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At We-Ko-Pa Golf Club near Scottsdale, the Cholla and Saguaro Courses battle for bragging rights

David R. HollandBy David R. Holland,
Senior Writer
We-Ko-Pa Golf Club - Cholla Course - 8th
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No. 8 on We-Ko-Pa Golf Club's Cholla Course offers a great mountain view. (Courtesy of We-Ko-Pa G.C.)

FOUNTAIN HILLS, Ariz. -- We-Ko-Pa Golf Club might just be the ultimate example of what one golfer likes; another golfer might have a different opinion.

Don't get me wrong, both 18s at the complex have scored awards from every publication that gives awards, but which one is best -- Cholla Course or Saguaro Course -- is typically split 50 percent.

"One golfer will tell me he likes Cholla best, and the next golfer will tell me he likes Saguaro better," said Matt Barr, general manager.

The winner is the travel golfer and the Fort McDowell Yavapai Nation, which was created on Sept. 15, 1903. The "white" man probably thought back then this 40-square-mile reservation was without value -- a desert, rocky landscape.

But when the Cholla opened on Dec. 14, 2001, the last laugh was heard by the Yavapais, an American Indian nation of about 900. Needless to say, the excellence of the We-Ko-Pa golf courses, financed by the Fort McDowell Casino, is a source of great pride among tribe members.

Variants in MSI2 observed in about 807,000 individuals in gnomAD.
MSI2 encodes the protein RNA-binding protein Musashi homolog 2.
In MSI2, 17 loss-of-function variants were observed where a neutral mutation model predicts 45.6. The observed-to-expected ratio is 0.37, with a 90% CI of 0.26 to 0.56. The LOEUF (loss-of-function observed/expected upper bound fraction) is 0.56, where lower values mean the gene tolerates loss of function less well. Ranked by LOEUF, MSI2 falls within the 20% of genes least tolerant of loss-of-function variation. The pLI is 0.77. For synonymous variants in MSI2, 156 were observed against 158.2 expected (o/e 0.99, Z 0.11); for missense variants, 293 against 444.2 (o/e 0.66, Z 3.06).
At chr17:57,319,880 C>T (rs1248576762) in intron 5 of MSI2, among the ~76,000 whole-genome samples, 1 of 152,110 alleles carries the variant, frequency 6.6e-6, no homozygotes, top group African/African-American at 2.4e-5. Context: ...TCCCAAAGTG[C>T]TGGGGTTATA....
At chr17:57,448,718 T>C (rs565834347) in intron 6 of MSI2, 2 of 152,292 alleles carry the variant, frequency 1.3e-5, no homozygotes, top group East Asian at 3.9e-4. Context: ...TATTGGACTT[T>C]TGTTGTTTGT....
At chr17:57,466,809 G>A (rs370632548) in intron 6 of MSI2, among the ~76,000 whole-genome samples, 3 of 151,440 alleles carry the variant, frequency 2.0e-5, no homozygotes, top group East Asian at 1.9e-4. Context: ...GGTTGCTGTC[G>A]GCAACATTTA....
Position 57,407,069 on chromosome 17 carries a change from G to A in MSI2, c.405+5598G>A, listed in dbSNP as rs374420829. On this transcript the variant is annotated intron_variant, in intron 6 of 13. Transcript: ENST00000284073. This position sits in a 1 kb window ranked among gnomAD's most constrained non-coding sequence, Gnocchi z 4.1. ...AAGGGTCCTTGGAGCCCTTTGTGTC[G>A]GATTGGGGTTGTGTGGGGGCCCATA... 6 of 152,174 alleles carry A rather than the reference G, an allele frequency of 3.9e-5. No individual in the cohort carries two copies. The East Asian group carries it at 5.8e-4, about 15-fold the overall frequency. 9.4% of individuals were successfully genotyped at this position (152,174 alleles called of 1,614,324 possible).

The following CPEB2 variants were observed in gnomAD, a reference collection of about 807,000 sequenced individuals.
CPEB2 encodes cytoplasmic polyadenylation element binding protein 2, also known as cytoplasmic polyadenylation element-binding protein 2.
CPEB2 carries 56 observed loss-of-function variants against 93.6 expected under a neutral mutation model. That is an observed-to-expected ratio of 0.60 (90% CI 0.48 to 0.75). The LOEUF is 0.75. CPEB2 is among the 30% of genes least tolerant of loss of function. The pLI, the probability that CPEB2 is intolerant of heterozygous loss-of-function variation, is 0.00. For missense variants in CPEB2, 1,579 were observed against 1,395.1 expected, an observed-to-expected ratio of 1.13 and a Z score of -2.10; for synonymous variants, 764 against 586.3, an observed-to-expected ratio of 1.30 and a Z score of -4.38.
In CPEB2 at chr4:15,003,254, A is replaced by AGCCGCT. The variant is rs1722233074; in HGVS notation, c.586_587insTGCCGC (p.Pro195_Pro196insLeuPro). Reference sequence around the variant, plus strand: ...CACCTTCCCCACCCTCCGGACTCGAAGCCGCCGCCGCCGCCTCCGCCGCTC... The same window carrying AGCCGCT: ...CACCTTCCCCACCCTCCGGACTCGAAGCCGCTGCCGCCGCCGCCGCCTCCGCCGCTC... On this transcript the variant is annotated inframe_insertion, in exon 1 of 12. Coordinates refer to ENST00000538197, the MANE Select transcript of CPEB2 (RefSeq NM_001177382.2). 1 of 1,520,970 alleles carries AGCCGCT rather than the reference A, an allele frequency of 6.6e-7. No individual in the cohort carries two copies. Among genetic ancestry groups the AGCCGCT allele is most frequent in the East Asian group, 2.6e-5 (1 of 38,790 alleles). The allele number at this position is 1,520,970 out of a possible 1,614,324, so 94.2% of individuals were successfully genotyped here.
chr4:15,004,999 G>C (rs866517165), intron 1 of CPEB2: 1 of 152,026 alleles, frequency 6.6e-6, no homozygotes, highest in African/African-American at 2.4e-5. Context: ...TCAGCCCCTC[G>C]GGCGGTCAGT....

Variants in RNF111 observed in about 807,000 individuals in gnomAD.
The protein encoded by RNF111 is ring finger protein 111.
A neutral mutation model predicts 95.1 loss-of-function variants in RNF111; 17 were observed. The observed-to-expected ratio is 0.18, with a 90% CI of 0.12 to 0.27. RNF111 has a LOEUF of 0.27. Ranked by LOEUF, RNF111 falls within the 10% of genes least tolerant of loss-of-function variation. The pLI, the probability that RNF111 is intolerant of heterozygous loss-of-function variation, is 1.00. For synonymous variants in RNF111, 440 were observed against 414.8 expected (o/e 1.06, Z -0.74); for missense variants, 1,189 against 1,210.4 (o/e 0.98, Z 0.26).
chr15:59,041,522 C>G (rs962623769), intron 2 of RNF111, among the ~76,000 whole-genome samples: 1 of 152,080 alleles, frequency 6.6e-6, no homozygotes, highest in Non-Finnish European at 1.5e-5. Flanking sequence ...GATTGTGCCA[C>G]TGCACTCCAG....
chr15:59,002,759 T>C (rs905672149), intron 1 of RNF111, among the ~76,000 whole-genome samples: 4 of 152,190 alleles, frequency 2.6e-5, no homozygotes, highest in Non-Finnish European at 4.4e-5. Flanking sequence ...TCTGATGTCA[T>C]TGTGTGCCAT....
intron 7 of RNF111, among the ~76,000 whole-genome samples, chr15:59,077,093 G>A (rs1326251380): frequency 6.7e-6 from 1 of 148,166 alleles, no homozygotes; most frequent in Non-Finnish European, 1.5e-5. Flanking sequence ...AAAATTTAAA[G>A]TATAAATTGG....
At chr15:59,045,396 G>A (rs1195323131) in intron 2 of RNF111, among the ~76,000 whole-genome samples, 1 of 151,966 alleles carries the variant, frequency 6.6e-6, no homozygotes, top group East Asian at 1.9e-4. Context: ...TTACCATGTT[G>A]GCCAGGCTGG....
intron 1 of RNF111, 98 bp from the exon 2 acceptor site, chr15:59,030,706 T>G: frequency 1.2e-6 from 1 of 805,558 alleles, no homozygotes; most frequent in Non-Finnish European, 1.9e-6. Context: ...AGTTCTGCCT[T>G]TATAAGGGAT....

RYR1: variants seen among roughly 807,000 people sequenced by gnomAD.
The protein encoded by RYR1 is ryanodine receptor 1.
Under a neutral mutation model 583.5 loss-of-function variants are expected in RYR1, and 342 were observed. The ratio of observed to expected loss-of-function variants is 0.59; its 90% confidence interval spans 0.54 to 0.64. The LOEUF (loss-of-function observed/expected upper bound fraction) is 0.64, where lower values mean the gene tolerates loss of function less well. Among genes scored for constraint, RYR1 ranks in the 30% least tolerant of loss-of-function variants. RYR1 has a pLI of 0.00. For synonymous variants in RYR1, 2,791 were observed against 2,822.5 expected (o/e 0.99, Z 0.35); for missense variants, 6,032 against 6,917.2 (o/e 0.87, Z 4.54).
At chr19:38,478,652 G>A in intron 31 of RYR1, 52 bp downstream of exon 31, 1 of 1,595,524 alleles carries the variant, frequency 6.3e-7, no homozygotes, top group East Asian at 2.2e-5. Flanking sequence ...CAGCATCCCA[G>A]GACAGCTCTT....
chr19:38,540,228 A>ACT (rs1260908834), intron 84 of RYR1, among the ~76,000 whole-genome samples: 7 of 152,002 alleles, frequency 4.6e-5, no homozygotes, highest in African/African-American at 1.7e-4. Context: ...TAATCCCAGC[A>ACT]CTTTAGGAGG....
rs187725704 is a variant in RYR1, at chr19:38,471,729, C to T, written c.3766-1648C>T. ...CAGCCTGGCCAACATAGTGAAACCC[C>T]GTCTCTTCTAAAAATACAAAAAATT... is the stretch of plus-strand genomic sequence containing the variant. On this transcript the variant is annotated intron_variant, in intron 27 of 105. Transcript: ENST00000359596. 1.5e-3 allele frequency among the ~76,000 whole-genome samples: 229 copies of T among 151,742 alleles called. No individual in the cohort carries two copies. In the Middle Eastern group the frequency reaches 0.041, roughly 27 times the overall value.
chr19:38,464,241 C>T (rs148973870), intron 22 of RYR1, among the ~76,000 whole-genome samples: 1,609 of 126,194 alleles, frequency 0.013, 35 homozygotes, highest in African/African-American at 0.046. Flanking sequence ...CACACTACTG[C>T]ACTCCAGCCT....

Today, golfers love the place, saying Golf Course Architect Scott Miller has created a target-golf course that is mentioned in the same conversations with upscale daily-fee desert award-winners such as Troon North, The Boulders, Grayhawk Golf Course, Legend Trail Golf Club, Talking Stick Golf Club, Ak-Chin Southern Dunes Golf Club, the Golf Club at Dove Mountain and semi-private Quintero Golf Club.

But just to solidify its ranking as one of the best golf complexes in Arizona, Ben Crenshaw and Bill Coore added the Saguaro 18 in 2006.

The We-Ko-Pa Golf Club experience

"Travel golfers love that there are no houses to be seen," Barr said. "It can be tranquil and serene. And golfers enjoy that the courses are designed by two different architect firms. You can play all day long and get so much variety."